We shall not waste our time on such unimportant considerations. Instead, we shall reflect on the nature of marriage and take into account that God gave marriage to human beings so that they can work together as one in his service. The marriage of a man and a woman is not, in first instance, to support each other and then to have children. For they marry in the Lord. So the purpose of their marriage is the progress of God’s work in this world in the place and with the opportunities God gives them for this purpose. The Son of God is busy gathering his church and bringing it to its completion, and a husband and wife may know that they are involved in that process! It is for that purpose that they help each other. And it is also for that purpose that they have children if God allows. Those two reasons are inseparable! Husband and wife stimulate each other in the service of the Lord. And they cooperate in the increase of the church of Christ.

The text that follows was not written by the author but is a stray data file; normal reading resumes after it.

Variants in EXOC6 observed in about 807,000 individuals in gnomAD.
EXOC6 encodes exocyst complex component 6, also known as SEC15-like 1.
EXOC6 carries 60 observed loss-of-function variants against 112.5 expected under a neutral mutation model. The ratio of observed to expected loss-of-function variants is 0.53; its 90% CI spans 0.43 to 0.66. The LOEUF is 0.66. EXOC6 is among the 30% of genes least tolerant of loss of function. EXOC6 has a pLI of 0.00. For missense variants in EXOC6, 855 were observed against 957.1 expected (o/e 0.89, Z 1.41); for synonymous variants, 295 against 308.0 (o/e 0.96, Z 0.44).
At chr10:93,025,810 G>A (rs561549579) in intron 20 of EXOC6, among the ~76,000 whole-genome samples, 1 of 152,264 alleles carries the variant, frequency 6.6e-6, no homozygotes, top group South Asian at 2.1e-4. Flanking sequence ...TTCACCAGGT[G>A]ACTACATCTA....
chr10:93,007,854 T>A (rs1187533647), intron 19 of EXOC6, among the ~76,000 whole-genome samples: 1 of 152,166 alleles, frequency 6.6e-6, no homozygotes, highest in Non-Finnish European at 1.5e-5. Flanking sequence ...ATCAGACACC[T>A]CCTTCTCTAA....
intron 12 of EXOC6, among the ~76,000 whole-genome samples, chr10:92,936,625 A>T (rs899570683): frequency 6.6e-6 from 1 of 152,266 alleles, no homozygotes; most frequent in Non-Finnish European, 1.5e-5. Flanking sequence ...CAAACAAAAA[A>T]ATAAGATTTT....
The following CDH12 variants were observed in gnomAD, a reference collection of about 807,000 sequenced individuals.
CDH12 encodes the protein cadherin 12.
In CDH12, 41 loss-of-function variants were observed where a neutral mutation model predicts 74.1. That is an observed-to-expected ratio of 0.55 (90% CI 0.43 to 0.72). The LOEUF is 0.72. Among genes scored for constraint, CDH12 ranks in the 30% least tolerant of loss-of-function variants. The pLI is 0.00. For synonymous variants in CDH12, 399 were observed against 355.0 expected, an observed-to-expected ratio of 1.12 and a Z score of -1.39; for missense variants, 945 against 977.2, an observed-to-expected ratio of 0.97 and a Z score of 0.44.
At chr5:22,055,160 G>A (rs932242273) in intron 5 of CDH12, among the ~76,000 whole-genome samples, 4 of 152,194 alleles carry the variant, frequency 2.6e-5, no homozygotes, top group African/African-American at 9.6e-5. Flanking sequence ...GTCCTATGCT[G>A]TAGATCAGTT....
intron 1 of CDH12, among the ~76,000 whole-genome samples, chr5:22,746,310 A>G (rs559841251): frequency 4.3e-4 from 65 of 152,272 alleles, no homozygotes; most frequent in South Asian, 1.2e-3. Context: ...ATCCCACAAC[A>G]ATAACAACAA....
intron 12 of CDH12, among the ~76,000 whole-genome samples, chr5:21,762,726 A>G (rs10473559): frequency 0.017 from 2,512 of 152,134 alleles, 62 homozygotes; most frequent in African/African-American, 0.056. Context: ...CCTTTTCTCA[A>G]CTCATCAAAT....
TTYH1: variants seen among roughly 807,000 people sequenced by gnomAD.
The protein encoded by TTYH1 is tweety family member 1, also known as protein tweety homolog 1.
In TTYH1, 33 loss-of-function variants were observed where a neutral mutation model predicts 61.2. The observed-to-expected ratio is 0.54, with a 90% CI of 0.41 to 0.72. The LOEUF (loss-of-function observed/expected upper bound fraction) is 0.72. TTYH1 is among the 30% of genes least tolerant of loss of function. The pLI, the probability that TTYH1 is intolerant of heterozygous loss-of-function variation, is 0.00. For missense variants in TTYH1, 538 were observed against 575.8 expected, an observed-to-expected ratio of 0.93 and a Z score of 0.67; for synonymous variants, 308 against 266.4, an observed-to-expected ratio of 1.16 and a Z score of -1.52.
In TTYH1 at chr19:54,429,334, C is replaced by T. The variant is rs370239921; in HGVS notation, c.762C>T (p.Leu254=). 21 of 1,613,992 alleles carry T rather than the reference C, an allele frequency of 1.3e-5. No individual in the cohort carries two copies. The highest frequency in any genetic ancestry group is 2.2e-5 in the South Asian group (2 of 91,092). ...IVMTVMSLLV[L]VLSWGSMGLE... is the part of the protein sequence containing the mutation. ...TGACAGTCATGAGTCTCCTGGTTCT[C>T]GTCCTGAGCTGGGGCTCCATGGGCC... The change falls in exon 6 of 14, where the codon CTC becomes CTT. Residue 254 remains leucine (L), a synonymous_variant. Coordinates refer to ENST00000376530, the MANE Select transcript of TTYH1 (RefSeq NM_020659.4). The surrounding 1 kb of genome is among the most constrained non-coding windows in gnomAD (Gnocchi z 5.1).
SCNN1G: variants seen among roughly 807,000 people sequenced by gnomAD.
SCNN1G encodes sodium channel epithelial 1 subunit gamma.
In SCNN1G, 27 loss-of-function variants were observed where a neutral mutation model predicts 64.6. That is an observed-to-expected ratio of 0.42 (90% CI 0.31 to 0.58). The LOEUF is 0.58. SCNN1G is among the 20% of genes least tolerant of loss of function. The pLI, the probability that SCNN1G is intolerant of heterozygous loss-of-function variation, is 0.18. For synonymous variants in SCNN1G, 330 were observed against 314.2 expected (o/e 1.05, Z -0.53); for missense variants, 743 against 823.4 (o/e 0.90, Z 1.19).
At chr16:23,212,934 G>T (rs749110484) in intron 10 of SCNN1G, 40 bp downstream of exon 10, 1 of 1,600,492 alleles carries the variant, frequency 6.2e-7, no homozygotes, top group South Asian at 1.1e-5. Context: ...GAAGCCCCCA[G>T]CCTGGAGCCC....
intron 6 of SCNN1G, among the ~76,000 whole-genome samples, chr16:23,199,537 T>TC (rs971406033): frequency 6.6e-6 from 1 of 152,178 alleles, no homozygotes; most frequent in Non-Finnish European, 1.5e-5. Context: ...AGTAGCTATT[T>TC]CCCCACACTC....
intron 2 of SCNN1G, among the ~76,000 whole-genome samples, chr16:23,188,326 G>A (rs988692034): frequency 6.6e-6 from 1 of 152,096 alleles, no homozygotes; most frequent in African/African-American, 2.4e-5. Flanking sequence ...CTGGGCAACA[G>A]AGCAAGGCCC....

Perhaps we should remind ourselves in this context that working with an eye on God’s kingdom is not in first instance a matter of appealing tasks outside the home. You have to start in the home! Couples may think that they should have no children, or only a small number, in order to tackle all kinds of important projects in God’s kingdom. But if so, they ought to ask themselves whether they are not like the people in Christ’s day who said of their property: it is Corban, i.e., a gift devoted to God, in order to avoid their first responsibility, namely, caring for their families (their parents in the case in question). The Lord Jesus condemned such a seemingly pious attitude by saying: ‘you nullify the word of God’ by your actions (Mark 7:9-13)!